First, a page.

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Does Medicare cover memory care and dementia care?

Louise Norris | May 31, 2024

Medicare does not cover the cost of a memory care facility, or the cost of other custodial long-term care. 1 But Medicare will pay for various medical care needed by people with dementia, including those who live in memory care facilities.

Here’s more information about the extent to which Medicare may cover the diagnosis and treatment of dementia.

How many people have dementia?

Dementia is fairly common among older adults. According to a Columbia University study, nearly 10% of people age 65 or older in the U.S. have dementia, and an additional 22% have mild cognitive impairment.2

Alzheimer’s disease is the most common cause of dementia, but there are numerous other causes of dementia, including cerebrovascular disease, Lewy body disease, frontotemporal degeneration, and Parkinson’s disease.3

Does Medicare cover PET scans and other diagnostic assessments for dementia?

Yes. Medicare Part B covers a range of testing and imaging for diagnosing dementia.4

In the past, Medicare coverage of amyloid PET (Positron Emission Tomography) scans for diagnosing dementia was limited to once per lifetime, and only if the patient was enrolled in a clinical trial. However, CMS removed those coverage restrictions in October 2023. 5

There is no longer a lifetime limit of one covered amyloid PET scan or a requirement that the patient be part of a clinical trial. Instead, coverage determinations are now left to regional Medicare Administrative Contractors (MACs).5 CMS noted that MACs “use an evidence-based process for making coverage determinations” and the agency “believe(s) there will be consistent coverage across regions for appropriate Medicare patients.”

The Alzheimer’s Association applauded the CMS decision on amyloid PET scan coverage, noting that “a valuable Alzheimer’s disease diagnostic tool will now be more accessible across the country” as a result of the rule change.6

Does Medicare pay for assisted living for dementia patients?

No. Medicare does not pay for assisted living or any form of custodial long-term care.1

If a dementia patient has an inpatient hospital stay and subsequently needs skilled nursing care before being able to return home, Medicare will cover up to 100 days in a skilled nursing facility if the beneficiary needs skilled nursing care, as opposed to just assistance with activities of daily living.7

Although Medicare does not cover custodial long-term care, Medicaid does cover some types of long-term care and is the primary payer of long-term care services in the United States.8 But it’s important to understand that assisted living is not the same as nursing home care from the perspective of Medicaid coverage. (Note that nursing home care and SNF care are also not the same thing, although they can be provided in the same facility. In general, a nursing home provides a permanent home for a person who needs round-the-clock care – including custodial care – whereas SNF care is temporary and aimed at helping a person recover from an illness or injury.)

Although Medicaid will cover nursing home costs nationwide,9 Medicaid coverage of assisted living facility costs is not always available, and the specifics vary from state to state. Most states have Home and Community-Based Services (HCBS) waivers that can be utilized by Medicaid enrollees to help pay for the cost of assisted living. But the specifics of these waiver programs are different in each state, and they also tend to have waiting lists to receive services.10

Read more from about other possible solutions for long-term care needs.

Does Medicare pay for memory care facilities?

No. Medicare does not pay for the non-medical costs associated with a memory care facility, including room and board and assistance with activities of daily living.1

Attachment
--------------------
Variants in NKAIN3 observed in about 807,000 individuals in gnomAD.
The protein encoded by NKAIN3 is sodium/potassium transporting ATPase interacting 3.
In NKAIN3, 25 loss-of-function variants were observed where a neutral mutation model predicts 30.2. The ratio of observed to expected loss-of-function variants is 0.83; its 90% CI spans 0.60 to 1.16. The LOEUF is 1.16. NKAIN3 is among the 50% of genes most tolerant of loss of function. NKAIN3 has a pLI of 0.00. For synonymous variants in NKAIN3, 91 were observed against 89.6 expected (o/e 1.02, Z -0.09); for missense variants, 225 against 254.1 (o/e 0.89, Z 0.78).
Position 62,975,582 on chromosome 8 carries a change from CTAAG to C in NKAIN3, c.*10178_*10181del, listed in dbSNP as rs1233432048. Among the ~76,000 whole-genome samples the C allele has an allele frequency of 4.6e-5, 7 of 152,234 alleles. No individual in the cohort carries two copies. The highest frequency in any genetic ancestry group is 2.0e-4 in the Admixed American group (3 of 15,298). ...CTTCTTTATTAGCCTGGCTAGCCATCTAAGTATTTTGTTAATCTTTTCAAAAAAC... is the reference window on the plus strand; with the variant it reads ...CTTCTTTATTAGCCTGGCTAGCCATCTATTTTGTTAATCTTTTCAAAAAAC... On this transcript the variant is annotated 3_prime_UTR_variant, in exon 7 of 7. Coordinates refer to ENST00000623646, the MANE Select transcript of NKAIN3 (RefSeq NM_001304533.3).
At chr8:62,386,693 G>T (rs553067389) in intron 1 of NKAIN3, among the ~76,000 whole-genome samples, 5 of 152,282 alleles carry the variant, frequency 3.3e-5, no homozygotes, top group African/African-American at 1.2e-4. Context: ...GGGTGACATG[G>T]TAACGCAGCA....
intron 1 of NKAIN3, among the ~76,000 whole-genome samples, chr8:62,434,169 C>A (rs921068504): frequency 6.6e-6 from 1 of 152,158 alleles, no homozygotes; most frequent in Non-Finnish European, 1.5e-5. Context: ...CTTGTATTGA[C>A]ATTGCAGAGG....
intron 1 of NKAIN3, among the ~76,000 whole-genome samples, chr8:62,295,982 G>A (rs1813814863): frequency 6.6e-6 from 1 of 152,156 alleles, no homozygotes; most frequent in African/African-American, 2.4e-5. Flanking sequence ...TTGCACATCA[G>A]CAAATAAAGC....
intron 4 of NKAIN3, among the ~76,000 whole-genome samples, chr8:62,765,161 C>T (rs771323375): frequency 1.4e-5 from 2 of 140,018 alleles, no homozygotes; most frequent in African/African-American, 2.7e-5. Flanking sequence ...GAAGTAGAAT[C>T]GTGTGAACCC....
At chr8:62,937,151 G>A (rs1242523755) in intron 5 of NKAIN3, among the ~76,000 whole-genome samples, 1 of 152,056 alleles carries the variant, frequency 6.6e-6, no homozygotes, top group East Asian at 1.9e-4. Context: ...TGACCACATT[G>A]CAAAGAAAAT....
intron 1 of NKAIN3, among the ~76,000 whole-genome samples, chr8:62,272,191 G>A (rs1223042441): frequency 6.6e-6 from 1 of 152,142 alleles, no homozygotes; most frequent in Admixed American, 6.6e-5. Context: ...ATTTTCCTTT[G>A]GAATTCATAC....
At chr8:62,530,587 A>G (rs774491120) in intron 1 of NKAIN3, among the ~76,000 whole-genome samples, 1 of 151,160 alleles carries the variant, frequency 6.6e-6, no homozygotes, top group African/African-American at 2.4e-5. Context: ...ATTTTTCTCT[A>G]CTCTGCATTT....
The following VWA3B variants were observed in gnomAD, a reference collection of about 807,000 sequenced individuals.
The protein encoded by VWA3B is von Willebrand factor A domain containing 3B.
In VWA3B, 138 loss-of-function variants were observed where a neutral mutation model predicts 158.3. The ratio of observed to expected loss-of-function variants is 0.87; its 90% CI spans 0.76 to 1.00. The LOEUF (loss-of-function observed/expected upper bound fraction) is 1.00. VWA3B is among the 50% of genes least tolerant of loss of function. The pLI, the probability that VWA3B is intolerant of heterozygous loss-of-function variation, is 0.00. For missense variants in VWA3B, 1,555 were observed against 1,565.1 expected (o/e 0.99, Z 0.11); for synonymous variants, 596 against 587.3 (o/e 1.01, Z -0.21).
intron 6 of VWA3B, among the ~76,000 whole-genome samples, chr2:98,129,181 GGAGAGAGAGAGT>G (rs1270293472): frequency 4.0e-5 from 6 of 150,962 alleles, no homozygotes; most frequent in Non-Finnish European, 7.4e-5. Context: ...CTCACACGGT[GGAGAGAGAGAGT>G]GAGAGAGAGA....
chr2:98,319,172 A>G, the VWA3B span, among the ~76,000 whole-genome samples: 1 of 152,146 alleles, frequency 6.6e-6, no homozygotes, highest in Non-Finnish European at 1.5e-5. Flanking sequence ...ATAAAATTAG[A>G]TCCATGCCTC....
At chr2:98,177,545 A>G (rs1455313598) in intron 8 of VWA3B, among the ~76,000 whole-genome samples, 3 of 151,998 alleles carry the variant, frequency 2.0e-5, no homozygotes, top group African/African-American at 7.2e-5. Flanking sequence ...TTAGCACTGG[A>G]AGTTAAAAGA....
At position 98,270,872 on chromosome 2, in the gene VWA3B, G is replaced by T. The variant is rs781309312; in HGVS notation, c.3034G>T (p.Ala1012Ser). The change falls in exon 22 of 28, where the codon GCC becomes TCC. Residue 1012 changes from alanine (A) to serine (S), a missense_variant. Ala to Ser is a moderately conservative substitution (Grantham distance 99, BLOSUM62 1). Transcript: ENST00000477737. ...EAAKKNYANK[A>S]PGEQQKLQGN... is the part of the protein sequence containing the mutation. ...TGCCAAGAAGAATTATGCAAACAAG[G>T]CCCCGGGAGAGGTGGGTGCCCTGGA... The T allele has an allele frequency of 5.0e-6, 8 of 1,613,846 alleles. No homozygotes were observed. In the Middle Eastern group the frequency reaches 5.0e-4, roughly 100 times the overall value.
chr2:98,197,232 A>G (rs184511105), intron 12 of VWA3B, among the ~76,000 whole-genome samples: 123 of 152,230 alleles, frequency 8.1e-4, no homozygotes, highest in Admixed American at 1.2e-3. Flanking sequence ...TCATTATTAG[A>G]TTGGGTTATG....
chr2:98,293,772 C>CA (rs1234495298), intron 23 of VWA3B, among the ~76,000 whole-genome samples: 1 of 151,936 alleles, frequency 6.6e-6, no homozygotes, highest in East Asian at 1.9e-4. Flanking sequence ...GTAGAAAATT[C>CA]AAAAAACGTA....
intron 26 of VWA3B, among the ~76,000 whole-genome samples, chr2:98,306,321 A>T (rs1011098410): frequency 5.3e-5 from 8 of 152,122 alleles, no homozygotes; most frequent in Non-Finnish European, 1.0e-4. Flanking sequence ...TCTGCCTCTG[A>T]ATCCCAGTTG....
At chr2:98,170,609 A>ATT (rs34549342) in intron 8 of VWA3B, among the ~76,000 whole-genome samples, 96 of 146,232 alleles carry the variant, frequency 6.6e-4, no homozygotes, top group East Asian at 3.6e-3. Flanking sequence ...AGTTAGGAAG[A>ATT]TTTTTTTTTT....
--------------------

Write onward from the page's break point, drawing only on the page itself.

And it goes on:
Medicare will, however, continue to cover the cost of medical care (as opposed to custodial care) received by a beneficiary living in a memory care facility.

Medicaid coverage of memory care falls under HCBS waivers, so it’s similar to the coverage described above for assisted living. This means Medicaid memory care benefits and coverage availability differ by state.11

Does Medicare cover home healthcare for dementia patients?

Whether Medicare covers home healthcare for dementia patients depends on the reason why home healthcare is needed.

Medicare Part A will pay for up to 35 hours of in-home care per week for a beneficiary who is “homebound” and in need of part-time skilled nursing care.12

Home health aide care (help with activities of daily living such as bathing and dressing) can be covered as part of Medicare’s home health care benefit if the patient is receiving skilled care at the same time (skilled nursing care or occupational, physical, or speech therapy). But Medicare’s home health care benefit cannot be used to provide only assistance with activities of daily living, without concurrent skilled care also being provided.13

The Medicare-Medicaid Program of All-Inclusive Care for the Elderly (PACE) is an option for some older adults. Availability, benefits, and enrollment caps under PACE vary by state, but PACE may  provide home care benefits.14

To qualify for PACE, an applicant must need a nursing home level of care but be able to live safely in the community with the assistance provided by PACE. Most PACE enrollees are dually eligible for both Medicare and Medicaid.15

Does Medicare cover adult day care?

No. Medicare does not cover the cost of adult day care.16

Medicaid waivers, including HCBS waivers, may allow a state to provide Medicaid coverage for adult day care. As is the case for any waiver-based programs, the benefits and availability differ from one state to another.17

PACE, described above, may also provide adult day care benefits, although the specifics vary by state.18

Is dementia medication covered by Medicare?

Yes. Medications approved by the FDA to treat dementia and cognitive impairment may be covered by Medicare Part D if they’re self-administered, or by Medicare Part B if they’re administered via infusion in a medical office.

Current drug treatments cannot cure dementia, but they can help slow its progression or temporarily alleviate some of the symptoms. If a medication is recommended, the specifics will depend on the stage and type of dementia. (For example, some commonly used medications are not recommended for frontotemporal dementia.)19